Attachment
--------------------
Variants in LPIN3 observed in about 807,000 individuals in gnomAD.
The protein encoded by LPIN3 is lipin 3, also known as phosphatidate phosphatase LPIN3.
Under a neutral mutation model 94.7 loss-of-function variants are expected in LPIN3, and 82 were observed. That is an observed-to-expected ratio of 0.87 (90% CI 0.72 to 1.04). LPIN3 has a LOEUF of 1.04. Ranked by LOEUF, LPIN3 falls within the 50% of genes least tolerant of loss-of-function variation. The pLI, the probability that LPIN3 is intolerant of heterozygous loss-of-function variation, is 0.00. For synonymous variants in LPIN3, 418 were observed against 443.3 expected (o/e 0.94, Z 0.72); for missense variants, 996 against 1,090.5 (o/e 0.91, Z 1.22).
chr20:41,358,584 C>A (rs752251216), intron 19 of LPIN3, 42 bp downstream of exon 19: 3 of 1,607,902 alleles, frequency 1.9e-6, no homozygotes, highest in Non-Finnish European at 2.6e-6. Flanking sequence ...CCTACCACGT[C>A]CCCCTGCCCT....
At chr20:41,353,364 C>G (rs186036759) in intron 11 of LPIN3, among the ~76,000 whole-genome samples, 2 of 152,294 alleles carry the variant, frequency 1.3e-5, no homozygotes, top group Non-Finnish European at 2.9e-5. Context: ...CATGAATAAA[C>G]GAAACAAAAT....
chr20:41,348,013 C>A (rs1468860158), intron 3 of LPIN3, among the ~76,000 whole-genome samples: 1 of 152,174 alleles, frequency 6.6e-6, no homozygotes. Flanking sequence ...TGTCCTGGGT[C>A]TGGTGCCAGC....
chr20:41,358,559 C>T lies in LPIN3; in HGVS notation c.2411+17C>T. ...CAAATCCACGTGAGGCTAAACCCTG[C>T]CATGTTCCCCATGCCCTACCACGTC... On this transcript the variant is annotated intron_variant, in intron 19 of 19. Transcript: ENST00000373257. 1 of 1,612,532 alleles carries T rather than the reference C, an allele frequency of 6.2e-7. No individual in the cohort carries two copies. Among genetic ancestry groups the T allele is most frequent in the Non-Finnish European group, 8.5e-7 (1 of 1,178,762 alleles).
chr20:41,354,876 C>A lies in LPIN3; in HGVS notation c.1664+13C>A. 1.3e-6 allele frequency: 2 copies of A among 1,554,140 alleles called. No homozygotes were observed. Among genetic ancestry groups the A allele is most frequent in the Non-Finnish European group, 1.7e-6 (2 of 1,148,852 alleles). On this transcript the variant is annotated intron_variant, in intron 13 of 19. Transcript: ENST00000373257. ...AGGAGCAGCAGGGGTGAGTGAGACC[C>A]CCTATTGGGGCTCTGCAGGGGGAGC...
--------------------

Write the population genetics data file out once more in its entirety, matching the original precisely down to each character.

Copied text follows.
Variants in LPIN3 observed in about 807,000 individuals in gnomAD.
The protein encoded by LPIN3 is lipin 3, also known as phosphatidate phosphatase LPIN3.
Under a neutral mutation model 94.7 loss-of-function variants are expected in LPIN3, and 82 were observed. That is an observed-to-expected ratio of 0.87 (90% CI 0.72 to 1.04). LPIN3 has a LOEUF of 1.04. Ranked by LOEUF, LPIN3 falls within the 50% of genes least tolerant of loss-of-function variation. The pLI, the probability that LPIN3 is intolerant of heterozygous loss-of-function variation, is 0.00. For synonymous variants in LPIN3, 418 were observed against 443.3 expected (o/e 0.94, Z 0.72); for missense variants, 996 against 1,090.5 (o/e 0.91, Z 1.22).
chr20:41,358,584 C>A (rs752251216), intron 19 of LPIN3, 42 bp downstream of exon 19: 3 of 1,607,902 alleles, frequency 1.9e-6, no homozygotes, highest in Non-Finnish European at 2.6e-6. Flanking sequence ...CCTACCACGT[C>A]CCCCTGCCCT....
At chr20:41,353,364 C>G (rs186036759) in intron 11 of LPIN3, among the ~76,000 whole-genome samples, 2 of 152,294 alleles carry the variant, frequency 1.3e-5, no homozygotes, top group Non-Finnish European at 2.9e-5. Context: ...CATGAATAAA[C>G]GAAACAAAAT....
chr20:41,348,013 C>A (rs1468860158), intron 3 of LPIN3, among the ~76,000 whole-genome samples: 1 of 152,174 alleles, frequency 6.6e-6, no homozygotes. Flanking sequence ...TGTCCTGGGT[C>A]TGGTGCCAGC....
chr20:41,358,559 C>T lies in LPIN3; in HGVS notation c.2411+17C>T. ...CAAATCCACGTGAGGCTAAACCCTG[C>T]CATGTTCCCCATGCCCTACCACGTC... On this transcript the variant is annotated intron_variant, in intron 19 of 19. Transcript: ENST00000373257. 1 of 1,612,532 alleles carries T rather than the reference C, an allele frequency of 6.2e-7. No individual in the cohort carries two copies. Among genetic ancestry groups the T allele is most frequent in the Non-Finnish European group, 8.5e-7 (1 of 1,178,762 alleles).
chr20:41,354,876 C>A lies in LPIN3; in HGVS notation c.1664+13C>A. 1.3e-6 allele frequency: 2 copies of A among 1,554,140 alleles called. No homozygotes were observed. Among genetic ancestry groups the A allele is most frequent in the Non-Finnish European group, 1.7e-6 (2 of 1,148,852 alleles). On this transcript the variant is annotated intron_variant, in intron 13 of 19. Transcript: ENST00000373257. ...AGGAGCAGCAGGGGTGAGTGAGACC[C>A]CCTATTGGGGCTCTGCAGGGGGAGC...